We see it in countries which are capable of leapfrogging. If I had the time and competence, I would love to put together a “leapfrogging capability index”, which would bring together a certain number of characteristics intrinsic to allowing countries to leapfrog in terms of industrial policy. I recognize that a lot of countries which try to leapfrog have failed because they imitate without sophistication. Free Trade Areas (FTAs) can be helpful but FTAs are a rather crude form of protectionism. If you think it’s only about putting infrastructure into Special Economic Zones to make them attractive, then you will fail. There are plenty of half-baked industrial policy attempts which don’t seize the full spectrum of issues necessary for success. We are looking here for leaders and leadership styles which are reformist and transformative. In my own typology, I divide African regimes in two categories: rent-seekers and transformers. It’s not necessary to create very complex governance index types because at the end of the day what really makes a difference in terms of economic transformation is whether you’re trapped by rent-seeking characteristics, or not. Africa has been marked by so much rent-seeking behaviour, thanks to commodity dependence and the fact that commodities occupy most of the economic policy attention. It is hard for African countries to move out of that box. Even those countries which are not well-endowed tend to replace rent-seeking behaviour from commodities with an attitude towards dealing with Overseas Development Assistance (ODA) as if it were rent. Some leaders use ODA the same way others use commodities. They don’t do enough to transform their social fabric and economic production systems because they just depend on these externalities, whether from commodity exports or from ODA.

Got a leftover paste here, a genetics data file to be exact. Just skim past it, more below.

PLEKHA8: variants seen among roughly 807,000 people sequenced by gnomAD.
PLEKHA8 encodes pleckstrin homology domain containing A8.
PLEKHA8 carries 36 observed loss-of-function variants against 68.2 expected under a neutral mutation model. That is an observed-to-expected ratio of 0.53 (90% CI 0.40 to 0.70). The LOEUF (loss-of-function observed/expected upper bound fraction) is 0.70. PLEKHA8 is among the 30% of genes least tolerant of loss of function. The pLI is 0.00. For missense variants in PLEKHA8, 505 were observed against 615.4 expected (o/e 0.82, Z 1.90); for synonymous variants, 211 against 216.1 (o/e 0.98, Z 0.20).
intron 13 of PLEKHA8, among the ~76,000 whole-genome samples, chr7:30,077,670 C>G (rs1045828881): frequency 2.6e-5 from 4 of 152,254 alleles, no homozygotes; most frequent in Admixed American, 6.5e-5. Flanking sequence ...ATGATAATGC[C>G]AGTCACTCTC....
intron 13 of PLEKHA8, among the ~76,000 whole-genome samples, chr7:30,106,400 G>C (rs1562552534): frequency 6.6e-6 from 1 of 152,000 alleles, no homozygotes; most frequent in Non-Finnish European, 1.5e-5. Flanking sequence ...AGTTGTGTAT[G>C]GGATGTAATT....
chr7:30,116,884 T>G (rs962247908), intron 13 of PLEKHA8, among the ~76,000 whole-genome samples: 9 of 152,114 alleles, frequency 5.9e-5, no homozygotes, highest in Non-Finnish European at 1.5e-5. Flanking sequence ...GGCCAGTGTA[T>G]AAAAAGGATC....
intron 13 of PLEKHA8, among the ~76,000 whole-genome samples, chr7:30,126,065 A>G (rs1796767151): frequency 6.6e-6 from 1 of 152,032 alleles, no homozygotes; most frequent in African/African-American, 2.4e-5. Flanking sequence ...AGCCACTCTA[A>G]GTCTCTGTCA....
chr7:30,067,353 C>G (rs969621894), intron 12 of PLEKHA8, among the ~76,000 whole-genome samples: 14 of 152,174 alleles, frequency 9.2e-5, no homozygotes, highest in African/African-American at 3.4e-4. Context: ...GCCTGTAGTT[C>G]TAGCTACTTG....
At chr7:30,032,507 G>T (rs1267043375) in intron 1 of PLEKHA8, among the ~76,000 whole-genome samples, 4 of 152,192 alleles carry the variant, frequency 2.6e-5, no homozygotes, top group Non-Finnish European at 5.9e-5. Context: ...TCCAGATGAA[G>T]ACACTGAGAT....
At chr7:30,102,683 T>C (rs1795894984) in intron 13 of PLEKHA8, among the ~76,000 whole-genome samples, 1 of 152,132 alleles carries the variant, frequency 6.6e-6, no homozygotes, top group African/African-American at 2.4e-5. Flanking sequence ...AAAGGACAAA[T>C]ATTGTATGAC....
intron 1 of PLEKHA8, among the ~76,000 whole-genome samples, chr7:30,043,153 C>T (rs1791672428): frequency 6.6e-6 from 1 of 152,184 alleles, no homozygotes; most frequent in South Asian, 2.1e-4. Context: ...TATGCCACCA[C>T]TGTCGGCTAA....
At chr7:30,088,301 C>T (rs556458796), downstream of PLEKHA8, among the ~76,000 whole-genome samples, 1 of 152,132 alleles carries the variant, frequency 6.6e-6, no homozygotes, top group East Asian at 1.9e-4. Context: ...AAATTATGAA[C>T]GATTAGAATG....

How do we make sure leaders are capable of really transforming their countries? It requires a certain skill. This skill needs to combine with a certain knowledge of global technological developments which will influence the composition of industrial production. The costs of production are migrating heavily towards the softer side of production systems, be it intellectual property or branding and design, and less and less about the production of the physical goods themselves. If you don’t embrace all these developments, including automation and robotization, you won’t be able to transform. These are some of the ingredients of leapfrogging capability. Some countries possess it more than others. Ethiopia has done very well on that score, as have Rwanda, Morocco and Mauritius. Lately there has been positive developments taking place in Egypt. If you take the broader industrialization space, not just manufacturing, you should include countries like Togo and Djibouti who are transforming based on sub-regional logistical needs for supply chains, because their location offers opportunities to integrate industrial development from other vantage points than manufacturing alone. Africa now has a critical mass of leaders capable of understanding such challenges.

Let’s turn to the pandemic and the current context. A good number of analysts we have interviewed agree this pandemic provides a valuable opportunity for African leaders and governments to rethink their development models, accelerate regional integration, diversify the economy, and pursue greener growth. Do you also think we’re at a turning point for the continent? What type of economic thinking should drive reform or change?